Bahrain’s Parliament has finally approved the constitutional amendments paving the way for civilians to be tried in Bahrain’s military courts. One can expect squeals of outrage from the so-called human rights organisations who tend to look the other way when massive arms caches are seized in the dens of Bahraini thugs.
The move was overdue.
Just recently, a terrorist cell that planned and executed multiple attacks in Bahrain, including the killing of two policemen, and smuggled a large quantity of weapons, was unmasked by the authorities. The cell had 54 members – 12 in Iran and Iraq, one in Germany and 41 in Bahrain [including 10 convicted terrorists who escaped from the high-security local prison on January 1 after an armed ambush by outsiders in which one policeman was killed].
Counter-terrorism operations carried out in the Kingdom over the last month resulted in the seizure of a massive amount of explosives, detonators, grenades, firearms, automatic machineguns, ammunition and even a drone! The advocate-general has issued a statement giving full details of no less than six terror-related incidents carried out in the past two months. One incident involved a boat filled with explosives and firearms smuggled into Bahrain via Iran and Iraq by the terrorist organization which also planned the jailbreak and the shooting of a policeman.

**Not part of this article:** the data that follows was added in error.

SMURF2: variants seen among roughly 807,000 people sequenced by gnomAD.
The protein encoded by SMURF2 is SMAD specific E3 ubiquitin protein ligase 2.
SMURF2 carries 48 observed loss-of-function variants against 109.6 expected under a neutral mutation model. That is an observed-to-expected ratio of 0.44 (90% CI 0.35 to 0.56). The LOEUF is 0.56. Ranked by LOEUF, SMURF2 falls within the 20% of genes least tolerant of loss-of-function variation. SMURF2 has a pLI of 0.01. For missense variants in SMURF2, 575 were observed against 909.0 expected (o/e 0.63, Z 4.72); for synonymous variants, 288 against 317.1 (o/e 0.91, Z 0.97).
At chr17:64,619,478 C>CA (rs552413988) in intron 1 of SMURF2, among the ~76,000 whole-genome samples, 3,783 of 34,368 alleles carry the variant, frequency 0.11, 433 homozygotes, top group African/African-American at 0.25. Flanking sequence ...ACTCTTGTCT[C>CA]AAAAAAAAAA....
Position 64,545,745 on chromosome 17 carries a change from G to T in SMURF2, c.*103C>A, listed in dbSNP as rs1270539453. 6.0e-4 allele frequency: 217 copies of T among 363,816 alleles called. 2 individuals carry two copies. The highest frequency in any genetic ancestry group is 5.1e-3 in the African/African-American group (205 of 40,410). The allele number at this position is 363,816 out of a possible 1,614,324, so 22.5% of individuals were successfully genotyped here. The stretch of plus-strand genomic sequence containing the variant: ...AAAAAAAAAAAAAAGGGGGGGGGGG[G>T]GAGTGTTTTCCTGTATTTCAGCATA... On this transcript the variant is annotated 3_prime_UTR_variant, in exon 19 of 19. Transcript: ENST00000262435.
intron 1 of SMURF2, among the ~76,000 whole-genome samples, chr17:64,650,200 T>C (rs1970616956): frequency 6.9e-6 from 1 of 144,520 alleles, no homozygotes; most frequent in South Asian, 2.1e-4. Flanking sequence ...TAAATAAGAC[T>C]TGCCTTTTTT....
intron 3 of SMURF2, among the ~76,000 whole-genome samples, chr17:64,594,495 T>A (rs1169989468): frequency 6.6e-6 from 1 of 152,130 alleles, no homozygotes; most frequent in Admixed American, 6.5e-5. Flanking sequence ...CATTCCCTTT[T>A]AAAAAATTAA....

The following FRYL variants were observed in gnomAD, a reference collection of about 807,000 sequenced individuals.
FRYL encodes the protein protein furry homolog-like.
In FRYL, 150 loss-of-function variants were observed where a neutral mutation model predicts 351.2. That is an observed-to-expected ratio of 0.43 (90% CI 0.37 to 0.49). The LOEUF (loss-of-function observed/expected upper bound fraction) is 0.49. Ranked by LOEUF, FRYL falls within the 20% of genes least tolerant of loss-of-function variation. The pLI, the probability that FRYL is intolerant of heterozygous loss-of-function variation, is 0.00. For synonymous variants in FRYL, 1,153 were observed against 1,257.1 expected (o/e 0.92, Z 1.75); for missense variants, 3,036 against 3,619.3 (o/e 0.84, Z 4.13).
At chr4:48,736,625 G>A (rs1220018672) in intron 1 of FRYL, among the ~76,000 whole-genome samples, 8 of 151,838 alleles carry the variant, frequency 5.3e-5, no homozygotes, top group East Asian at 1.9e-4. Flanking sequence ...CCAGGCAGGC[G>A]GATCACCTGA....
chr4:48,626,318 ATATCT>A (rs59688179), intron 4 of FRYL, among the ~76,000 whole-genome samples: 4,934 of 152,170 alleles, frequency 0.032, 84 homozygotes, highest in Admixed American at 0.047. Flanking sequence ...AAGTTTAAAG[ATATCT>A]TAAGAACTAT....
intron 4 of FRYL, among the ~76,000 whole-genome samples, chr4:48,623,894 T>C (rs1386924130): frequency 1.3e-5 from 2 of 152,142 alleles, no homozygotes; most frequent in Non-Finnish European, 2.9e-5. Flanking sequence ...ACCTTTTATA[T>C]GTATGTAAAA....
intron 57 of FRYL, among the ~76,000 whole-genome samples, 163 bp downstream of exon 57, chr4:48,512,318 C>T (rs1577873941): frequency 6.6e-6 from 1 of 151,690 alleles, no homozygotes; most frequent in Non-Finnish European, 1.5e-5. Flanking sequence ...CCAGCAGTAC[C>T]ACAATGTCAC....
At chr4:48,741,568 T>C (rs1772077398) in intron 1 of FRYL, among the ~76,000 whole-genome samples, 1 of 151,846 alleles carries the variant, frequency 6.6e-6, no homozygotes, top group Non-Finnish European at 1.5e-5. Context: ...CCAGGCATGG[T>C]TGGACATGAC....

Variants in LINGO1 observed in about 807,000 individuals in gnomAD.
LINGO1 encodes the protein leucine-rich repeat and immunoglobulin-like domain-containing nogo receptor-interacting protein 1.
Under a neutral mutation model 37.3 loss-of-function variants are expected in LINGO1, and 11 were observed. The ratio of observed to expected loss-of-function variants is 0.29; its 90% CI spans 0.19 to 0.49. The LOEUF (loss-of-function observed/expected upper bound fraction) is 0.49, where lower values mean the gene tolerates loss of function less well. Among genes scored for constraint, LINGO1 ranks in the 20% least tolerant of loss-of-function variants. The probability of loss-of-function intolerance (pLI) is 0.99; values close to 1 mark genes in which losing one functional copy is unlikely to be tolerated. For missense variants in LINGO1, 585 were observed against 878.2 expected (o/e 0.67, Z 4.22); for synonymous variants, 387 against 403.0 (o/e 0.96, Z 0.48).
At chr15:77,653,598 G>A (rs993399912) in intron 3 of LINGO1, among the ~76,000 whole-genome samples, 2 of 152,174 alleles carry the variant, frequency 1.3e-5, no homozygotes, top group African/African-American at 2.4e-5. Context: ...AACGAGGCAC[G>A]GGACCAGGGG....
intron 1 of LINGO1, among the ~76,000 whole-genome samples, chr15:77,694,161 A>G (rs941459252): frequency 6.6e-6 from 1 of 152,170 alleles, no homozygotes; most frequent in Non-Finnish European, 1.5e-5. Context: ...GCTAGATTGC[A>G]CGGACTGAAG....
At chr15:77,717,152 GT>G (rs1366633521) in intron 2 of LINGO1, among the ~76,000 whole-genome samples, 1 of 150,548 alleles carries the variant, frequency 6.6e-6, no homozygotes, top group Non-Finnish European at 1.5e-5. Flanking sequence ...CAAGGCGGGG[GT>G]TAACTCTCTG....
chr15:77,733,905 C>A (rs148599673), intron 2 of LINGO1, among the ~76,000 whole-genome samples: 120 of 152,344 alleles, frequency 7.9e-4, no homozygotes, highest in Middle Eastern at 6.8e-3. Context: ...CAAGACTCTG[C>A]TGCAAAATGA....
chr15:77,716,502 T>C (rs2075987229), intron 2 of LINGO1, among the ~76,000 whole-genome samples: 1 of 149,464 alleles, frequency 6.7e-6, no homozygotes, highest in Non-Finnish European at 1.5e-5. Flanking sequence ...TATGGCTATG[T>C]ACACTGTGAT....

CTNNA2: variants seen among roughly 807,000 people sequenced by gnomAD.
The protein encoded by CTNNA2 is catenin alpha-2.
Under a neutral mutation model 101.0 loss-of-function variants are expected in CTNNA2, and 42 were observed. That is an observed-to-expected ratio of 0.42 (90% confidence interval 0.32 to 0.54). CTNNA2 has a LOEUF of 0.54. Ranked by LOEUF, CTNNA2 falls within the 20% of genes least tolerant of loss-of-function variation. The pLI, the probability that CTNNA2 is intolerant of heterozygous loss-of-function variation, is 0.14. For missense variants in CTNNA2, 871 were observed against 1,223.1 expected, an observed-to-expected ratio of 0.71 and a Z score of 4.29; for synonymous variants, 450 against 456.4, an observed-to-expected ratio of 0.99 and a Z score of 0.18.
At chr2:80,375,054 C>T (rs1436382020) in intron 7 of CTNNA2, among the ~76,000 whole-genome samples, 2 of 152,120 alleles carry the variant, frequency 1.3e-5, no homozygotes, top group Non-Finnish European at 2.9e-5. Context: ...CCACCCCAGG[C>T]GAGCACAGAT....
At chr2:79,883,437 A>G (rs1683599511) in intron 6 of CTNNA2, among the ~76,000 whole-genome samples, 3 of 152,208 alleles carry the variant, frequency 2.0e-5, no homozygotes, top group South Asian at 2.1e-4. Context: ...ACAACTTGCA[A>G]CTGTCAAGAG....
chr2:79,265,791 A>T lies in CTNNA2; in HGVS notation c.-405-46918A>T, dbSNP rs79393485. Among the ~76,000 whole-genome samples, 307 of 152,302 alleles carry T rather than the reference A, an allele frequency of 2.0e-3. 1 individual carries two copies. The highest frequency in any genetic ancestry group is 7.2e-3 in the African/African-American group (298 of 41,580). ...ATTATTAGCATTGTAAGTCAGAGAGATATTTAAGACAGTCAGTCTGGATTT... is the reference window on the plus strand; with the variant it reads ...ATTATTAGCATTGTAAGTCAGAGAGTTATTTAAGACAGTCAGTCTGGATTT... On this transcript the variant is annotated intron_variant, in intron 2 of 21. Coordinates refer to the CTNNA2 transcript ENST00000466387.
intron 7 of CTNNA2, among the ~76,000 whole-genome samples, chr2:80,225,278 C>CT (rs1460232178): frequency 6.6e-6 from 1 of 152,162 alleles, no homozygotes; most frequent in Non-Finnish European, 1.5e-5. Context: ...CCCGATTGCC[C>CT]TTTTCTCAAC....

The use of all possible unlawful methods to kill, attack, harass and ambush police and securitymen has been a common practice among the followers and adherents of these cells for the last many years and on occasion they have even been known to carry out mock parades in their villages and in the areas around their dens in full military-style uniforms.
Since these anti-national elements act and behave like militia and are often armed and use lethal weapons to perpetrate their attacks it stands to reason that they be accountable to a military court. According to Bahrain’s Justice Minister: “We cannot treat someone who operates as a militant in the same manner as civilians … They target security and have to be dealt with in the courts concerned. The world is plagued with acts of non-conventional militia terrorism. Such crimes are against humanity and should be dealt with accordingly.”
While critics would always claim that the move – with all 36 members of the Upper House voting in favour – could result in unfair trials and a lack of transparency in the justice system, especially if terrorism cases are prosecuted in secret hearings, the Justice Minister gave an assurance that the suspects would receive fair trials following the same procedures as civilian courts, with defendants entitled to legal representation.
In any case, only those involved in exceptional incidents would be tried in military courts , he added, such as individuals targeting military personnel or establishments or compromising top secret or classified information.